I know what you said. I just thoroughly disagree. Just because some of the features resemble features found in pda's doesn't make it "close to a pda".

    For starters – you'll be judge to say if it's even close to these things that are all standard on PDAs:
    connecting an external keyboard? Nope.
    connect any other input device? Nope.
    connecting the thing to a phone (tethering)? Nope.
    drag and drop documents to and from the thing? Nope.
    disk mode to be able to do the above? Nope.
    ability to read a wide variety of documents and, say, ebooks? Nope.
    ability to edit a wide variety of documents? Nope.
    Expansion slots – as in SDIO and CFIO? Nope.
    ability to send and receive vcards? Nope.
    ability to use a proper task manager? Nope.
    ability to listen to an audio file that hasn't been "installed" through a propriatory app like iTunes? Nope.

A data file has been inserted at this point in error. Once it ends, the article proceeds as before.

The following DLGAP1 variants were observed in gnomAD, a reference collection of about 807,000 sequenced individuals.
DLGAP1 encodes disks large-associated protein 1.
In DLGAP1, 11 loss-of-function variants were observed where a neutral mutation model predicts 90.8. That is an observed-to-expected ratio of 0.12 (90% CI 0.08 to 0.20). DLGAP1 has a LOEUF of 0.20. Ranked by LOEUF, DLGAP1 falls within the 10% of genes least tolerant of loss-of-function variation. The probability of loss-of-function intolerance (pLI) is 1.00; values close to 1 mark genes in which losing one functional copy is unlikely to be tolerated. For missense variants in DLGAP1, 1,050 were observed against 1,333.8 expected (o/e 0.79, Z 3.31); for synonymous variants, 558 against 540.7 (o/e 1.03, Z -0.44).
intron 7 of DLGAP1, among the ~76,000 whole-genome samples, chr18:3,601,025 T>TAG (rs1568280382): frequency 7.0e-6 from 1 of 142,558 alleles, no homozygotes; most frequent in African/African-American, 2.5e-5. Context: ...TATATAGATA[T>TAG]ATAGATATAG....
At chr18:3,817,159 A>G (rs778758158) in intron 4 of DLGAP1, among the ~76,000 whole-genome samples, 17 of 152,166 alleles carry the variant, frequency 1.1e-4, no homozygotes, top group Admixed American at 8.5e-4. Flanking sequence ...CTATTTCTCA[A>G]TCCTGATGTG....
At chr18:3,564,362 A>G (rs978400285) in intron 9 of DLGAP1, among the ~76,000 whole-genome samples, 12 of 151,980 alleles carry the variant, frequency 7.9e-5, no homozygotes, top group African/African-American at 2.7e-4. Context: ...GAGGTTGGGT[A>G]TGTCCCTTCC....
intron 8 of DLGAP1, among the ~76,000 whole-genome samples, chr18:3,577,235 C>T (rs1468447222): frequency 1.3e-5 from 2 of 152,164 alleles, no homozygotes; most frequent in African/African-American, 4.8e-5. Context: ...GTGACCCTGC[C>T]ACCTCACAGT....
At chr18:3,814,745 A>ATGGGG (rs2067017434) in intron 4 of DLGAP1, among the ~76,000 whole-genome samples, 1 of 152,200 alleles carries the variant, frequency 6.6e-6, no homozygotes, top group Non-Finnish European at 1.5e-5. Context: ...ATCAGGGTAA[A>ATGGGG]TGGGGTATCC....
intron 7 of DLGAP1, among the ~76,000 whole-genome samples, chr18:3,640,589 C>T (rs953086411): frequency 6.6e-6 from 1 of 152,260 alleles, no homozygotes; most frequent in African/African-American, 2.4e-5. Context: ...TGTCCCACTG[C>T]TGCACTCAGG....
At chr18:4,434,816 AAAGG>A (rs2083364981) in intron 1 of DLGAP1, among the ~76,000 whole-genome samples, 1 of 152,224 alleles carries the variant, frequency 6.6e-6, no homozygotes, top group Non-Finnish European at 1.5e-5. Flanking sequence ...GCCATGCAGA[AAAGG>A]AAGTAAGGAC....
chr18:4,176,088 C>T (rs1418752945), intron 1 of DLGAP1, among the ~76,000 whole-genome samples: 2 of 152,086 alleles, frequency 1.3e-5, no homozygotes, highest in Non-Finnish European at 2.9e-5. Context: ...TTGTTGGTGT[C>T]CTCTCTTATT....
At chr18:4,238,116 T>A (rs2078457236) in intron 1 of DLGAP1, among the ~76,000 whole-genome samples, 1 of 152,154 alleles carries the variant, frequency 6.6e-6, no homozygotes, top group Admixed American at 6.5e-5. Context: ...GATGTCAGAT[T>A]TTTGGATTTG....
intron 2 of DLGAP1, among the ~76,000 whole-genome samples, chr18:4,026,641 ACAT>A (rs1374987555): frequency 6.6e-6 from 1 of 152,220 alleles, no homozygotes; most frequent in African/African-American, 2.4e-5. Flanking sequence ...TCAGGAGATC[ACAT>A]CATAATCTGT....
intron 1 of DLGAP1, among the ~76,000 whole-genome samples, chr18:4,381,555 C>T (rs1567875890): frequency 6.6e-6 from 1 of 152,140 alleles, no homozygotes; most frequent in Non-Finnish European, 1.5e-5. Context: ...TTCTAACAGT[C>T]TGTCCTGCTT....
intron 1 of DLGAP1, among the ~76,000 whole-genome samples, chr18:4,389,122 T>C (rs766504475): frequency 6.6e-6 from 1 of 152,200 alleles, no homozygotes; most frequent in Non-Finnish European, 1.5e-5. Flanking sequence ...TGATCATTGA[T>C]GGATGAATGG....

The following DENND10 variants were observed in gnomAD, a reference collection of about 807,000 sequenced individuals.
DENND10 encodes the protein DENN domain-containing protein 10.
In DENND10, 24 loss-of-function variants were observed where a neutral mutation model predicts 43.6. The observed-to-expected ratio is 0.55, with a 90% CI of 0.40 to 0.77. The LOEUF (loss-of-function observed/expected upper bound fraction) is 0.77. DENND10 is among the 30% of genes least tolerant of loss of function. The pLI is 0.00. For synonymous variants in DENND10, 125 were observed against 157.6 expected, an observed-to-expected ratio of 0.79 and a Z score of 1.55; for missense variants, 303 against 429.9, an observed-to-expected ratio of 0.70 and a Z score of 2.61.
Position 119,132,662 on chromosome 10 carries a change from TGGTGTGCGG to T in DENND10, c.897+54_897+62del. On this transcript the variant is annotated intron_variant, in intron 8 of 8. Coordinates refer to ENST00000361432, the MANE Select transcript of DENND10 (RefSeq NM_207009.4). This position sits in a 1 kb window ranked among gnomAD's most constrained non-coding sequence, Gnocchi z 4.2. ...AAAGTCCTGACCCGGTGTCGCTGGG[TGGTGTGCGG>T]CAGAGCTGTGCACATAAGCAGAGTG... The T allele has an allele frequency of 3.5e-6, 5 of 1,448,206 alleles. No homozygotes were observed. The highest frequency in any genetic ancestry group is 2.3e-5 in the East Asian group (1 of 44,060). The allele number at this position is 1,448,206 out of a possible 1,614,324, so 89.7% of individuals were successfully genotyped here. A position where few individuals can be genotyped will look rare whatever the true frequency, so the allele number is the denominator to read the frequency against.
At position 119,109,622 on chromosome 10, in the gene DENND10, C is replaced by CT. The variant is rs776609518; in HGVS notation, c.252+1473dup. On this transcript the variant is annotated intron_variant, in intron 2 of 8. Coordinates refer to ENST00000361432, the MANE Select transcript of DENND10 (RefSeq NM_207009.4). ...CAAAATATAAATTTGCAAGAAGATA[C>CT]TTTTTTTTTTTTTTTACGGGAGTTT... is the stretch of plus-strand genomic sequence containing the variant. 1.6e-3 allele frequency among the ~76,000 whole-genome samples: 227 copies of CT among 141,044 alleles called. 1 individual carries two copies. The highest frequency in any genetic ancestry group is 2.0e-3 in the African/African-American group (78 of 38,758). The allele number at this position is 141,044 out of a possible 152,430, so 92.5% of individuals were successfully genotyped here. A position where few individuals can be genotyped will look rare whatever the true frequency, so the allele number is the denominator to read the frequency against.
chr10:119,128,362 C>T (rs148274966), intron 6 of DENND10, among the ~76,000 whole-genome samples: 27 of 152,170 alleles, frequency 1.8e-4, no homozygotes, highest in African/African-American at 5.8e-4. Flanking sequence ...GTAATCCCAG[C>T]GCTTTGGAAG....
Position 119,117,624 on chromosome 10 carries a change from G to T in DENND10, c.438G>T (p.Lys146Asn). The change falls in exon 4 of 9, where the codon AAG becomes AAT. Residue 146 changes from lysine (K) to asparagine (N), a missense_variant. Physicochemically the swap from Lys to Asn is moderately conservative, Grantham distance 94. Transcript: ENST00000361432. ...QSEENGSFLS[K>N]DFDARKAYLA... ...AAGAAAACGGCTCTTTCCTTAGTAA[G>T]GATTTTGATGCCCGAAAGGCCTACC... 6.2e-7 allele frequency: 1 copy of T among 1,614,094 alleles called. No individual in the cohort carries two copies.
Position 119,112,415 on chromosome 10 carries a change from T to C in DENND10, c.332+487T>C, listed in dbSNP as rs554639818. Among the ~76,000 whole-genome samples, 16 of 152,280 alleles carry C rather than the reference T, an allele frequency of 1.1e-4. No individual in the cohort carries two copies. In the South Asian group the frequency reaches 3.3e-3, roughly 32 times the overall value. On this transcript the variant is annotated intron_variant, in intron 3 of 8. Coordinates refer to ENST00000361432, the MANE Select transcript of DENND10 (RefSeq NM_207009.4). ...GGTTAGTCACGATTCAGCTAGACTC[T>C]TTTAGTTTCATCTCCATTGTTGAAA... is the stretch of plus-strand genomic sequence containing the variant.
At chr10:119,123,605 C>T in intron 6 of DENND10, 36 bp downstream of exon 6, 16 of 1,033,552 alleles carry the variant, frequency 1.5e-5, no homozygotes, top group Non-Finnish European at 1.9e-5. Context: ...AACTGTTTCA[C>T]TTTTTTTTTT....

Ability to FTP? Nope.
    ability to copy/paste? Nope.

    There are many more, and I just went and found this, just to give you a little cold hard facts. It's worth reading through. You will notice how few of those things are present in the touch:

    http://www.microsoft.com/windowsmobile/en-us/meet/version-compare.mspx

    (oh, and ignore the row with "no touch screen" – all pda's that I know of have touch screens).
     
  24. Tosser macrumors 68030

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    #24
    So not even having the option of a stylus is a good thing?
    Anyway, you said it, the iPt is multimedia device. In other words, it's an "entertainment device", a PMP. Not a PDA - not even close.
     
  25. BucketsTouch macrumors newbie

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    #25
    Yup don't use my Dell x30h at all any more ;)
    Mark